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UA startup on a healthy road to success

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Courtesy SinfoníaRx

The outside of SinfoníaRx's clinical call center, the UA Medication Management Center. Sinfonia mines health care data from health care services to find suitable patients to work with.

In another success for Tech Launch Arizona, SinfoniaRx, a University of Arizona startup pharmaceutical company that helps patients nationwide, was recently acquired by New Jersey-based public health care company Tabula Rasa. 

Sinfonia’s CEO, Kevin Boesen, said the company was bought for $35 million in cash and $10 million in stocks. Boesen will maintain full control of the company moving forward.

“We are pretty well known in the market nationally and have a pretty good reputation,” Boesen said. “Tabula Rasa’s CEO and  founder is a pharmacist as well, and he drew different pharmacy networks."

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Boesen said part of the reason for the acquisition was due to overlap between the two companies in the pharmaceutical community.

Boesen graduated from the UA in 2003 from the College of Pharmacy and proceeded to become a faculty member at the college, where he then became the adviser for the UA student chapter for the National Community Pharmacists Association.

The NCPA focuses on driving students’ interest in entrepreneurship in the pharmaceutical industry around the country. This is where Boesen and his students developed the plan for Sinfonia.

“In 2005, before we launched the company, I was working with those students in an innovative way to expand pharmacy services and promote patient care,” Boesen said. “We started operating from the university, and once we got a contract with one health plan, then another and more, we got to spin out from the university in 2013.”

SinfoníaRx CEO Dr. Kevin Boesen at the SinfoníaRx offices at the company's Tucson-based clinical call center, the UA Medication Management Center. Boesen graduated from the UA College of Pharmacy.

According to Boesen, the company guides patients with chronic conditions through their illnesses and advises their medications.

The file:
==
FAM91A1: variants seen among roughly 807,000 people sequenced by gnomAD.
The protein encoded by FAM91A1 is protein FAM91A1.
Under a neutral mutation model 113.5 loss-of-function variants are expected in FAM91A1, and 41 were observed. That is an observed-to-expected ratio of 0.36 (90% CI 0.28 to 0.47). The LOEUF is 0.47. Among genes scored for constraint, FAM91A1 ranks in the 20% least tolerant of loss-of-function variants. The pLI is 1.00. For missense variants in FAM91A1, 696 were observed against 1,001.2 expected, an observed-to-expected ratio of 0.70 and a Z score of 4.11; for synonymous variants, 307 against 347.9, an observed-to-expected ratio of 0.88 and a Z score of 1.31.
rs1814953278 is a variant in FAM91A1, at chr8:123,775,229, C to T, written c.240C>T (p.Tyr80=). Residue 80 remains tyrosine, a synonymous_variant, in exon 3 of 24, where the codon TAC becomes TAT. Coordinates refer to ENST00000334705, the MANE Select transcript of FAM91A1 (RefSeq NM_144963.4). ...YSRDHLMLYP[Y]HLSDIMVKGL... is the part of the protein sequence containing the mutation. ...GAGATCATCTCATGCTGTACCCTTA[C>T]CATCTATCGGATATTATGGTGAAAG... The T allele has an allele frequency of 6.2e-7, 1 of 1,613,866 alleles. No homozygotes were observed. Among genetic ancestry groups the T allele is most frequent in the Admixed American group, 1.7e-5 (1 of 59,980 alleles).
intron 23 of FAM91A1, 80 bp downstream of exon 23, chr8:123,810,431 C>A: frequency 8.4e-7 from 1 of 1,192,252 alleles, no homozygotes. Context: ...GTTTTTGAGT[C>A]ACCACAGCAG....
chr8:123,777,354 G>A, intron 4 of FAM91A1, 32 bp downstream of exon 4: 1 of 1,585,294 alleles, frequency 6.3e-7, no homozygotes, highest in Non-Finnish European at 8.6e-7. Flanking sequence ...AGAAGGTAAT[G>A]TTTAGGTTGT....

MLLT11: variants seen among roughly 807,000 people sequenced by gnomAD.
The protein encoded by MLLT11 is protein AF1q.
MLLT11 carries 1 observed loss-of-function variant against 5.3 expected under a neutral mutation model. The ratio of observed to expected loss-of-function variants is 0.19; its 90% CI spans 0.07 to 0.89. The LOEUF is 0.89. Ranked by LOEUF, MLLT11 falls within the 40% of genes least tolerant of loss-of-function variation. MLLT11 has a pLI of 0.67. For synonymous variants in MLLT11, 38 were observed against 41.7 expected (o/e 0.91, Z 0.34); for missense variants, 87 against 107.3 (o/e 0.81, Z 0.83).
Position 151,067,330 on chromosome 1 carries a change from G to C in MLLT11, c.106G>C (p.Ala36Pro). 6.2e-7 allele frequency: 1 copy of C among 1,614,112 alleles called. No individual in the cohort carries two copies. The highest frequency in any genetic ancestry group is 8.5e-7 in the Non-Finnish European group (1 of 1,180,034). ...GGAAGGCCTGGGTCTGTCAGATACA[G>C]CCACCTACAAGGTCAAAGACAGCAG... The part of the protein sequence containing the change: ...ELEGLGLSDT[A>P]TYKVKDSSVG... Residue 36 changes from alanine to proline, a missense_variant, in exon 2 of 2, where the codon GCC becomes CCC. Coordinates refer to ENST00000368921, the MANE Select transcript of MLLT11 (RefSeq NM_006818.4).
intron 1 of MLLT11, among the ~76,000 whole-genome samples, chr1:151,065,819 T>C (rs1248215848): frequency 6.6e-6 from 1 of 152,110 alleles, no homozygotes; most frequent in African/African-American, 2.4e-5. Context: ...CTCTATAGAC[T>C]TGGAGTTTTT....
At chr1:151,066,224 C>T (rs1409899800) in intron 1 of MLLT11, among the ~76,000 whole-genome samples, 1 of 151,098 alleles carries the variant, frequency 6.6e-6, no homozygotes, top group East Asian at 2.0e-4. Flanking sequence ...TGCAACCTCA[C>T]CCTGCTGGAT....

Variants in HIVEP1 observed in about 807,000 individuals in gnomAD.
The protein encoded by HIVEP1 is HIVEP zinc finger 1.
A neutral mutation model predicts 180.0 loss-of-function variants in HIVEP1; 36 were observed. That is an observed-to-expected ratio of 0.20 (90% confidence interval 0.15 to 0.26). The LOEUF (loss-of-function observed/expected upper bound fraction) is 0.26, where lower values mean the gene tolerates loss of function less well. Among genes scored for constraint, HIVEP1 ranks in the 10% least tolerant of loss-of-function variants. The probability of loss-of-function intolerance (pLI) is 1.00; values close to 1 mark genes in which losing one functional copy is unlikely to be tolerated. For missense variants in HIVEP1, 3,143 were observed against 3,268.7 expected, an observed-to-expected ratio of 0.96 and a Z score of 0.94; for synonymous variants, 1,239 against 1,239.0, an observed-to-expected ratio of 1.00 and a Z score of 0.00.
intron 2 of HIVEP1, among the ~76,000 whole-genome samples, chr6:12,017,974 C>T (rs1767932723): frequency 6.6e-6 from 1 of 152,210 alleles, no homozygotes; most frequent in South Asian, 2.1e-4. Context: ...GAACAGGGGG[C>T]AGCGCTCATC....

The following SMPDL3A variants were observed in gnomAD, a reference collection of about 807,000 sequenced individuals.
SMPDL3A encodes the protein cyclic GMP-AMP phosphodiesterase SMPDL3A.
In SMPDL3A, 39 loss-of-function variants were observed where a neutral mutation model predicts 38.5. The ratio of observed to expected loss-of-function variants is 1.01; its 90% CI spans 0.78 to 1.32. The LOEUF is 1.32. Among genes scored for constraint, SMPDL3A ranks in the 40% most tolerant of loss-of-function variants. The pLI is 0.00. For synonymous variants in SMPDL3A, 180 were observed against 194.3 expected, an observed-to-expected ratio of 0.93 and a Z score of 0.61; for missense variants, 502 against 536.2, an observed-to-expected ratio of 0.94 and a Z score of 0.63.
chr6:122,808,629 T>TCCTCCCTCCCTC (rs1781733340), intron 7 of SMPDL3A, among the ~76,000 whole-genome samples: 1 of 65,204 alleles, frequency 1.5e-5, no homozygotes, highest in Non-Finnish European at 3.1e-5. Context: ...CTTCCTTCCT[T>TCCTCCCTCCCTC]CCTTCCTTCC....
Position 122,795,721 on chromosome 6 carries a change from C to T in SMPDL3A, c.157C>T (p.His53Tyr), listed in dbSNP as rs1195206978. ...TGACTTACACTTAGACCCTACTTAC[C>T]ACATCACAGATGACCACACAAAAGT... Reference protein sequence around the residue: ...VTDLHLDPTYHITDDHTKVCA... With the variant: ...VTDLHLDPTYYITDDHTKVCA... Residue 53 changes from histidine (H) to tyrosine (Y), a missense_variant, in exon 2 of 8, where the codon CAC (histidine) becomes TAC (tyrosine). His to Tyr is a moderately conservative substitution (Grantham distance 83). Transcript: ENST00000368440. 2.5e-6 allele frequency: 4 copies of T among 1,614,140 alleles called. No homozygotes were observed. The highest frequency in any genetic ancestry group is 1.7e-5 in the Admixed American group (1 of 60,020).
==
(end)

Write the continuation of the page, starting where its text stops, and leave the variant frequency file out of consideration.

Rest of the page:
“We have five call centers spread across the country now that will actually call the patients to help them manage their medications,” Boesen said. “We have a pharmacist that will call a patient and talk to them about their chronic conditions, their medications, their doctors and make sure they understand everything that they are taking.”

The company looks for patients who have multiple chronic conditions and a high risk of drug-related problems. According to Boesen, Sinfonia mines health care data from 300 health care services to find patients to work with, which comes to 50 million patients nationwide.

Sinfonia grants internships and employment to students in the College of Pharmacy, exposing them to real-world situations working with patients and helping guide their personal care, said Stephanie Forbes, director of the college’s Medication Management Center.

Forbes began working for Sinfonia as an intern in 2010 and graduated from the UA in 2012 before being hired by the company.

According to Forbes, Sinfonia’s Tucson call center on Sixth Street and Stone Avenue, has about 240 employees, 85 interns and 50 undergrad student employees.

“It’s been an incredible opportunity,” said Jared Tate, a senior pharmacy intern at Sinfonia. “It’s given me a chance to further my own pharmacy education while gaining unique experience interacting directly with patients.”

The experience in Sinfonia is quite different compared to other opportunities available to pharmacy students since they get to apply clinical guidelines to various disease states in the patients they work with, he said.

Isaac Andrews | The Daily Wildcat

Inside of SinfoníaRx's Tucson clinical call center. SinfoníaRx provides healthcare management services to customers and bridges the gap between patients and healthcare providers.

Tate plans to pursue residency training in a managed care setting after graduating from the UA.

“Working with Sinfonia has taught me how pharmacy can positively impact a large number of patients across the nation in new and innovative ways," he said.

According to Forbes, the company trains employees and interns in a two-week process to teach them ways to ease into holding a conversation with the patients through the phone.

“There are four pillars of Sinfonia," Forbes said. "There is people, trust, communication and improvisation. The biggest challenge students face at first with Sinfonia’s work is the communication with their patients.”

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Sinfonia's acquisition by Tabula Rasa is the next step, Forbes said. Now that they are public, they have different opportunities and a network of people to build relationships with.

Boesen said the company plans on creating an app to further assist patients.

“Sinfonia is going in a positive direction," Forbes said. "When it became part of Tech Launch Arizona, that allowed us to have growth."


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